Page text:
9: Mary, Mary (Nesmith) (Micky: Lead & backing vox, Peter: Guitar) A great Nez tune & production, originally covered by the Paul Butterfield Blues Band (on their “East-West” LP) Featuring ace studio cats Hal Blaine on Drums & Glen Campbell on lead guitar.

    10: A Little Bit Me, A Little Bit You. (Diamond) (Davy : Lead vox) This Jeff Barry production with author Neil audible on backing vox, was the last release of the Don Kirshner “regime”. Don had agreed to release this single with a group generated b-side to appease both the four boys along with Bert & Bob from Raybert Productions. Then low & behold, Don issued the single in Canada with another Jeff Barry production (the early version of She Hangs Out) as the flipside. The single was withdrawn & then quickly reissued, Don was fired, and the Monkees began their short run as a functioning studio group. Little Bit.. would peak at #2 on Billboard.

    11: All Of Your Toys (Bill Martin) (Micky: drums, Lead & backing vox. Mike: Electric 12 string, backing vox. Peter: Harpsichord, backing vox. Davy: Tambourine, backing vox.) With hand picked producer Chip Douglas (along with brilliant engineer Hank Cicalo) and Nesmith comrade / Monkee tv stand-in John London on bass, the guys embarked on their first full studio sessions as a band in mid Jan. of 1967. Due to this song not being published thru Screen Gems, “Toys..” didn’t see the light of day until the Missing Links reissues of the mid-1980s. A major error on the part of Monkees management to not fight harder to secure the rights to this puppy.. the stereo remix included here shows off a fantastic radio friendly Beatlesque arrangement that would’ve gone along way in boosting the guys’ confidence as a band if this song comes out as an “A” side in 1967.

    12: The Girl I Knew Somewhere (Nesmith) (Micky: drums, Lead & backing vox. Mike: Electric & Acoustic 12 string, backing vox. Peter: Harpsichord, backing vox.) Major error #2, this fantastic track being reduced to serving as a “B” side only to the reissued “Little Bit Me..” single. Then “The Girl..” was also removed from the Headquarters final LP track listing at the last moment. With John London again on bass & double tracked tambourine (Davy on a vacation during these sessions) this wonderful Nez composition managed one week at #39 on Billboard. The only US top 40 showing to feature Dolenz on the drums. Stereo mix included here.

    13: Shades Of Gray (Barry Mann / Cynthia Weil) (Peter: Lead & backing vox, piano. Davy: Lead vox, Tambourine & Maracas, Micky: drums, backing vox. Mike: Pedal Steel Guitar) Often called the single from the single-less HQ LP.. a great vocal arrangement from Producer Chip Douglas featuring Peter in a real good light.. Per Tork, he wrote the piano into while Nez came up with the horn & cello parts.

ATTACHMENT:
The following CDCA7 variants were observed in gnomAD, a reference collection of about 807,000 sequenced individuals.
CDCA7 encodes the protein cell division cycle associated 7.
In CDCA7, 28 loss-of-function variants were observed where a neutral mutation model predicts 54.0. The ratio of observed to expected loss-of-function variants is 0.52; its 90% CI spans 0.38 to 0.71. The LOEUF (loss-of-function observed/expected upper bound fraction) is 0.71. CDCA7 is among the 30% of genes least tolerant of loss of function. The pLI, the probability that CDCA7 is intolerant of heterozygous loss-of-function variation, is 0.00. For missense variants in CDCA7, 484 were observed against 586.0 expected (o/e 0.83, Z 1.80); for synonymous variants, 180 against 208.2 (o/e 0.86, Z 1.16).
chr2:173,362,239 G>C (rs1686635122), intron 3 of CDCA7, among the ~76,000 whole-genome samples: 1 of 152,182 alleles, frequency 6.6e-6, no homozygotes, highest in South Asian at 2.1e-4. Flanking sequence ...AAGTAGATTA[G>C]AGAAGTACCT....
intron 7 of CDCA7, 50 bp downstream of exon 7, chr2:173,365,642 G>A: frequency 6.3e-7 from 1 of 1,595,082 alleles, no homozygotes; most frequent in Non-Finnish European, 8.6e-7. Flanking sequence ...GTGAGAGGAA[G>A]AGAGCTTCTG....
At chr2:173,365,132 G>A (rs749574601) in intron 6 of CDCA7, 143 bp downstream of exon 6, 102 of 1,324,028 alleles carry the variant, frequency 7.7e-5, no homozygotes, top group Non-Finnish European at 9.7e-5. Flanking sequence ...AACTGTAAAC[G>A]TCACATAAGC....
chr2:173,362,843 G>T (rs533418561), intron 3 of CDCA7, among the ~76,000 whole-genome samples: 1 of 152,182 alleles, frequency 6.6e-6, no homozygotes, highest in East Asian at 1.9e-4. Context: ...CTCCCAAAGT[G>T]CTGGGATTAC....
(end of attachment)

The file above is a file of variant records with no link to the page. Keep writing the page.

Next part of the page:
14: Randy Scouse Git (Micky Dolenz) (Micky: Lead vox, drums, tympani, wood block. Mike: electric 12 string. Peter: backing vox, piano, organ. Davy: backing vox.) This great Dolenz original from HQ, was actually used as a single (issued as “Alternate Title”) in the UK, peaking at #2. This fab stream of consciousness track depicting Mickster’s recent P.R. trip to London, features some amazing anchoring bass work by producer Chip Douglas. A really adventurous composition from a former child actor turned fledgling Rock-n-Roller.

    15: You Just May Be The One (Nesmith) (Mike: Lead Vox, electric 12 string. Peter: Double tracked bass guitar, backing vox. Micky: drums, harmony & backing vox. Davy: Tambourine, backing vox.) Somewhere in my archives, I have a 1967 air check from (Radio giant) WKHJ, Los Angeles announcing this fantastic Nez tune as the new Monkees single from their forthcoming new LP (HQ) At the 11th hour “the powers that be” chickened out in regards to releasing a Monkees single that did not feature Micky or Davy as the lead vocalist on the “A” side, in fact they declined to pull an American single from Headquarters at all. BIG mistake. This studio track maybe the only one (until the 1996 Justus sessions) to feature ONLY the four Monkees handling all the instro duties. It had been a staple of their concert dates since late 1966, so they had a real good handle on the arrangement. In fact for 2 minutes flat, they’re as good as any mid-60’s pop rock band. I’ve included the punchy mono mix that KHJ played on the air that day.

    16: For Pete’s Sake (Peter Tork / Joseph Richards) (Peter: Electric guitar, backing vox. Micky: Lead & backing vocals, Drums. Mike: Organ, 12 string guitar. Davy: backing vox, tambourine.) Peter’s first writing credit on a Monkees Lp. Great thumper, an edited version would serve as the closing theme of the tv series and then the entire syndicated run of the show.

    17: Pleasant Valley Sunday (Carol King / Gerry Goffin) (Mike: Lead guitar, backing vox. Micky: Lead Vox, possible acoustic guitar. Peter: Piano, backing vox. Davy: backing vox) A fantastic production from Chip Douglas who also provides one half of the track’s rhythm section with the amazing Eddie Hoh (The Mommas & ThePappas, Modern Folk Quartet) on drums. This fantastic track finds the guys leaving the HQ Mode (mostly Micky stepping away from the studio drum kit) to a “mixed band” mode that would spell the Pisces, Aquarious, Capricorn, & Jones Ltd. Album. Pleasant Valley featuring all four guys vocally, would peak on the charts at #3 during the Summer Of Love. I used the Listen To The Band box set “kitchen sink finale” mix for this probably my fave of all The Monker’s A-Sides.